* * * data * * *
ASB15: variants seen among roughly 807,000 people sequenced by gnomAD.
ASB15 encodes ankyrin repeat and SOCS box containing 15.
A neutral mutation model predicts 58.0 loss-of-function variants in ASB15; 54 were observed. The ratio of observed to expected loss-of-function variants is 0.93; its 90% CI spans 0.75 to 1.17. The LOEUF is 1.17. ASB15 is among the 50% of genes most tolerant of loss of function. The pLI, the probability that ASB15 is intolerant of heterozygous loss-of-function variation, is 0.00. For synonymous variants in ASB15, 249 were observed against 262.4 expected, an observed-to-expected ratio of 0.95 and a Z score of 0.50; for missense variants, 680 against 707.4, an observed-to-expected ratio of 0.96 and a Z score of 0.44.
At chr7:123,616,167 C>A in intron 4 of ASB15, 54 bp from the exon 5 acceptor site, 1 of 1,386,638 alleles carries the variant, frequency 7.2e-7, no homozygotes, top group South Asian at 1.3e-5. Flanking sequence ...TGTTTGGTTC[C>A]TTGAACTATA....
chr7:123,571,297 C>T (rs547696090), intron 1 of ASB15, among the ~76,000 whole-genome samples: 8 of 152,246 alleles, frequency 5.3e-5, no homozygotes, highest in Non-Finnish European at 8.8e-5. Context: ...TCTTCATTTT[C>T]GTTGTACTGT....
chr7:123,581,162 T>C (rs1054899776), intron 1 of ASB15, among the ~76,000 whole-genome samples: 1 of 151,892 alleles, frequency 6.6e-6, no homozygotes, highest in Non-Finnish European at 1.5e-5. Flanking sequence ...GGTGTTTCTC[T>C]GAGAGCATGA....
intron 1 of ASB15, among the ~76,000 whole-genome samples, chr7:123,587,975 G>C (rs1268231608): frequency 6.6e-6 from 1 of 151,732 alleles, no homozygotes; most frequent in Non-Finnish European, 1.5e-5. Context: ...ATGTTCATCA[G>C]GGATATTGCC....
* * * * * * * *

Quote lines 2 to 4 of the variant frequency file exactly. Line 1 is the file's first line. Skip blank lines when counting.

ASB15 encodes ankyrin repeat and SOCS box containing 15.
A neutral mutation model predicts 58.0 loss-of-function variants in ASB15; 54 were observed. The ratio of observed to expected loss-of-function variants is 0.93; its 90% CI spans 0.75 to 1.17. The LOEUF is 1.17. ASB15 is among the 50% of genes most tolerant of loss of function. The pLI, the probability that ASB15 is intolerant of heterozygous loss-of-function variation, is 0.00. For synonymous variants in ASB15, 249 were observed against 262.4 expected, an observed-to-expected ratio of 0.95 and a Z score of 0.50; for missense variants, 680 against 707.4, an observed-to-expected ratio of 0.96 and a Z score of 0.44.
At chr7:123,616,167 C>A in intron 4 of ASB15, 54 bp from the exon 5 acceptor site, 1 of 1,386,638 alleles carries the variant, frequency 7.2e-7, no homozygotes, top group South Asian at 1.3e-5. Flanking sequence ...TGTTTGGTTC[C>A]TTGAACTATA....